Sukkot: What’s in a name?

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Rabbi Eli Solomon (courtesy)
Rabbi Eli Solomon of Friendship Circle (courtesy)

By Rabbi Eli Solomon

As we enter the last stretch of Tishrei, a month-long journey of holidays, with the arrival of Sukkot, the question arises: Why is the holiday called Sukkot?


There is a beautiful idea brought down that the sukkah, which surrounds the entire body all at once, is known as G-d’s bear hug. This year, more than most, we can use a nice, warm embrace.

However, the question remains. The mitzvah to take the four species, the lulav, etrog, myrtle branches and willow leaves, has a very special meaning as well. It represents Jewish unity. By binding the four species together, we demonstrate that no matter our differences, we are only complete when we are one. Yet the name of the holiday is not known as the four species holiday. Why is that so?

What could be more powerful than unity and togetherness?

The sukkah has a number of unique qualities. For example, the mitzvah starts the minute the holiday begins at nightfall and ends with the conclusion of the festival. The four species, by contrast, are only used the following morning.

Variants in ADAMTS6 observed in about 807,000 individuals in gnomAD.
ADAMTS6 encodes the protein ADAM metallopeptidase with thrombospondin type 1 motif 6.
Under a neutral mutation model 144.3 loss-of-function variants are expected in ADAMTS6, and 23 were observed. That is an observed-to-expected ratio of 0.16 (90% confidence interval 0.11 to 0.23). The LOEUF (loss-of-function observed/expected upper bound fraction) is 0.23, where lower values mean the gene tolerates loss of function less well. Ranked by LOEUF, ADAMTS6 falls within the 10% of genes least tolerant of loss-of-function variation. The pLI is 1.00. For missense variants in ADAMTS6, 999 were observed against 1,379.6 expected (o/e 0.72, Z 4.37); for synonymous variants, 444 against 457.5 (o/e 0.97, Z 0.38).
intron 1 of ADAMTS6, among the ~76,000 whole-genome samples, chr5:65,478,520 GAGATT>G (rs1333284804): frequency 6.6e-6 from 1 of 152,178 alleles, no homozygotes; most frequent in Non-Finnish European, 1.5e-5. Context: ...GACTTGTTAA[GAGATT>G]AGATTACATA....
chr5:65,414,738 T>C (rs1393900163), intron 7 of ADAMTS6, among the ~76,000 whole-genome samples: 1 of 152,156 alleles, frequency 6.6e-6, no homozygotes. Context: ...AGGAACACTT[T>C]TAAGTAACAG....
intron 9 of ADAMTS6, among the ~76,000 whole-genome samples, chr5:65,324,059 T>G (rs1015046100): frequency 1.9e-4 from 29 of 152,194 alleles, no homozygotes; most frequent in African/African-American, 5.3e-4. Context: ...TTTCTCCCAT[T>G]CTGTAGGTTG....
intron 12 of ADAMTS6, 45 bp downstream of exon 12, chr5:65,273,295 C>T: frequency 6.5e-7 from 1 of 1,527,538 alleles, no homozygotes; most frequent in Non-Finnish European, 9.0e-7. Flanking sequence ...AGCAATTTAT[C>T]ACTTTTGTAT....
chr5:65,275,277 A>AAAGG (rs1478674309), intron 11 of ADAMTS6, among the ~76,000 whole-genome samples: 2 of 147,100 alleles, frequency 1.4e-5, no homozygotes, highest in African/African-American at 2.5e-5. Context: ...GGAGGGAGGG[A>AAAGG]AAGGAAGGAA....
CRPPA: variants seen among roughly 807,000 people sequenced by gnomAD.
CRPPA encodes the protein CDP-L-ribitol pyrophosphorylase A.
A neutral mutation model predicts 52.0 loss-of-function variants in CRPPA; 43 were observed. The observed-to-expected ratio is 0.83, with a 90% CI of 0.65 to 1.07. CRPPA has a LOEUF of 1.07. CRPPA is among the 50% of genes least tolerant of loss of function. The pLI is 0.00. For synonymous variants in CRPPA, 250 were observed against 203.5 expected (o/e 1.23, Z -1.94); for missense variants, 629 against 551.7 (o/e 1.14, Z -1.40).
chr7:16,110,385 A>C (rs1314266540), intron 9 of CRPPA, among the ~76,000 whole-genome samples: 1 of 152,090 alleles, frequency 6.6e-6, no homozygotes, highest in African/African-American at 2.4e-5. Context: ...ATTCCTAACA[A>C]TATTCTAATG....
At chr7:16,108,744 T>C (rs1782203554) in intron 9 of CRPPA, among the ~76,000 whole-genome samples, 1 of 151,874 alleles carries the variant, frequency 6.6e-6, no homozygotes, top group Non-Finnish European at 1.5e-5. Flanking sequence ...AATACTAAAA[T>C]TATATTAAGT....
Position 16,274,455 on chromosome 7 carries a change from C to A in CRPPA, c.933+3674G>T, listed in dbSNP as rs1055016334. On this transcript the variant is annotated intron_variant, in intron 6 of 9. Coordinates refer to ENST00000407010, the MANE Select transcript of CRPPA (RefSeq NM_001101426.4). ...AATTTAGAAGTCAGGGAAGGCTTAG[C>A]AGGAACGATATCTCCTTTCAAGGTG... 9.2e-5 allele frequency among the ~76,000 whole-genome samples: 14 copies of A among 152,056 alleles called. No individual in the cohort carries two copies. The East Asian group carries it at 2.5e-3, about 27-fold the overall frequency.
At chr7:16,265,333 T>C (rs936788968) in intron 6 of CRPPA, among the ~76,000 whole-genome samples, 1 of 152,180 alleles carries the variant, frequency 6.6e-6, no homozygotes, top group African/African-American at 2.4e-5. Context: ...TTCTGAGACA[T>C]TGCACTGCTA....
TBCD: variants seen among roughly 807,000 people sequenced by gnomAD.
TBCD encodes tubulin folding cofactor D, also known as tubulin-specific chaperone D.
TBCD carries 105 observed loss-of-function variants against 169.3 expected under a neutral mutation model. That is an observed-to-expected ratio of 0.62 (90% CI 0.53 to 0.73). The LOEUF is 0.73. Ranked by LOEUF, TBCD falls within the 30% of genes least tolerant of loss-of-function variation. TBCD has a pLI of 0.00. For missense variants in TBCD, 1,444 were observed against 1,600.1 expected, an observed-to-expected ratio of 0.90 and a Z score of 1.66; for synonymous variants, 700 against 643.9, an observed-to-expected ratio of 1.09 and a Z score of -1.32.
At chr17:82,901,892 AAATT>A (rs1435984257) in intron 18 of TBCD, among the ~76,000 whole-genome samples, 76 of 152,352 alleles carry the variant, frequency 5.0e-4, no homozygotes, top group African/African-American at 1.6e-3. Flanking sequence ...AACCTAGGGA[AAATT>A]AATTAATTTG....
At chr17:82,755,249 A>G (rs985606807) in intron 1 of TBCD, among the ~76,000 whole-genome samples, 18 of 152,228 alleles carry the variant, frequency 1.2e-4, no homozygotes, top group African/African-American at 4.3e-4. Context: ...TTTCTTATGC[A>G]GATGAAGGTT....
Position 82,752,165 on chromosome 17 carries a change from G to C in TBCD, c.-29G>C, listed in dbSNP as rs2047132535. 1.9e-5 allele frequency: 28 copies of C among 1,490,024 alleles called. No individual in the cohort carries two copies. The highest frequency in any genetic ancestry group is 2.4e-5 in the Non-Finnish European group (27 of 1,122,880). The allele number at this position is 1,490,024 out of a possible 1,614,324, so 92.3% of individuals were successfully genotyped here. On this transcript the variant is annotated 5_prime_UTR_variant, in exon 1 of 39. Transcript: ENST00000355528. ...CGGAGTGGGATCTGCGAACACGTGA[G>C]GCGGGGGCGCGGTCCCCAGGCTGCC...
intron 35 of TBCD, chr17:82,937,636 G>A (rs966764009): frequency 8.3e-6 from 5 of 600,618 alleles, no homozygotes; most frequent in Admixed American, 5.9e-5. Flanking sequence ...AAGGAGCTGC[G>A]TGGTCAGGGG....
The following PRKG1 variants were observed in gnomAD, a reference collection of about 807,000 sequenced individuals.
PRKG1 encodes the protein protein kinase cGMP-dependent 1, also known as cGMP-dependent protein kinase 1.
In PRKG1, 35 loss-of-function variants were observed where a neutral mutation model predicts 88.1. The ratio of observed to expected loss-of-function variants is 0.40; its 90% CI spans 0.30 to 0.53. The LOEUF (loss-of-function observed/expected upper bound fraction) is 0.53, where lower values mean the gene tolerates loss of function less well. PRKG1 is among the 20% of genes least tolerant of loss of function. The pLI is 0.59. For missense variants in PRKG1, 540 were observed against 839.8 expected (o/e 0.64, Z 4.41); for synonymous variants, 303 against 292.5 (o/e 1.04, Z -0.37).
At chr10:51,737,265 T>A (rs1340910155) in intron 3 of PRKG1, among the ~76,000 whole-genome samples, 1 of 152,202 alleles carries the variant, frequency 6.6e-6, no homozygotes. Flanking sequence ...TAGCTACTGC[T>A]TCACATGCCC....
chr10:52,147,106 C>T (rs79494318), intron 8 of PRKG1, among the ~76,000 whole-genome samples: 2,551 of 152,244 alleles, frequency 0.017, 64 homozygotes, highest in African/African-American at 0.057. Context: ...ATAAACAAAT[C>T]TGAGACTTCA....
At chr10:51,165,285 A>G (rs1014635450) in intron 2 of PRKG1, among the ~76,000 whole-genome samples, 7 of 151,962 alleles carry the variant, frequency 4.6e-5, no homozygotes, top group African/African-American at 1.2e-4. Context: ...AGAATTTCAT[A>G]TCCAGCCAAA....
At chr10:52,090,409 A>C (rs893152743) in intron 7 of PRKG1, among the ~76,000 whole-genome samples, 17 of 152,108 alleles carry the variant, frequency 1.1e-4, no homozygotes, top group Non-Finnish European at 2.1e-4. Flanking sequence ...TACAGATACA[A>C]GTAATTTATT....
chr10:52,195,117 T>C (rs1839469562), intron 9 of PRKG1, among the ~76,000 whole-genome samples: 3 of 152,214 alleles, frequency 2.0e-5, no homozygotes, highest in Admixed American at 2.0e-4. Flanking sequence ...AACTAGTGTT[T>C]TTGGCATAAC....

Perhaps the most interesting component of a sukkah is the commandment to dwell in it, just as we dwell in the house the entire year. Everything we do in the sukkah, as mundane as it may be, is now a mitzvah binding us with G-d. Reading your favorite novel, a midday nap and afternoon tea are all elevated to mitzvah status!

Tishrei is not merely the first month of the Jewish calendar. In fact, it encompasses all the lessons we need for the following year, as well as the spiritual energy to execute them. When Tishrei ends, a month of connection, unity and G-dliness, we are thrust back into the world of business, meetings and deadlines. A world where divisiveness is too often the status quo, and where material success is more important than moral growth.

That is why the final message of Tishrei is the sukkah! Everything you do is linked to G-d, and every step must be infused with an awareness of his presence. Not only at synagogue or at a service, but in each and every action we take, even sleeping. The world can conceal its maker. It is our job to ensure a consciousness of G-d, not just to ourselves, but to the world at large.

To conclude, that is why the chosen name is Sukkot. The sukkah is the blueprint for reaching and achieving the unity represented in the lulav. When G-d is on the mind, we remember where we come from and who we are at our core. This brings the recognition that in essence we all are indeed truly one.

May this Sukkot bring joy, health and the ultimate unity. Chag Sameach!

Rabbi Eli Solomon is co-director of the Friendship Circle of Baltimore.

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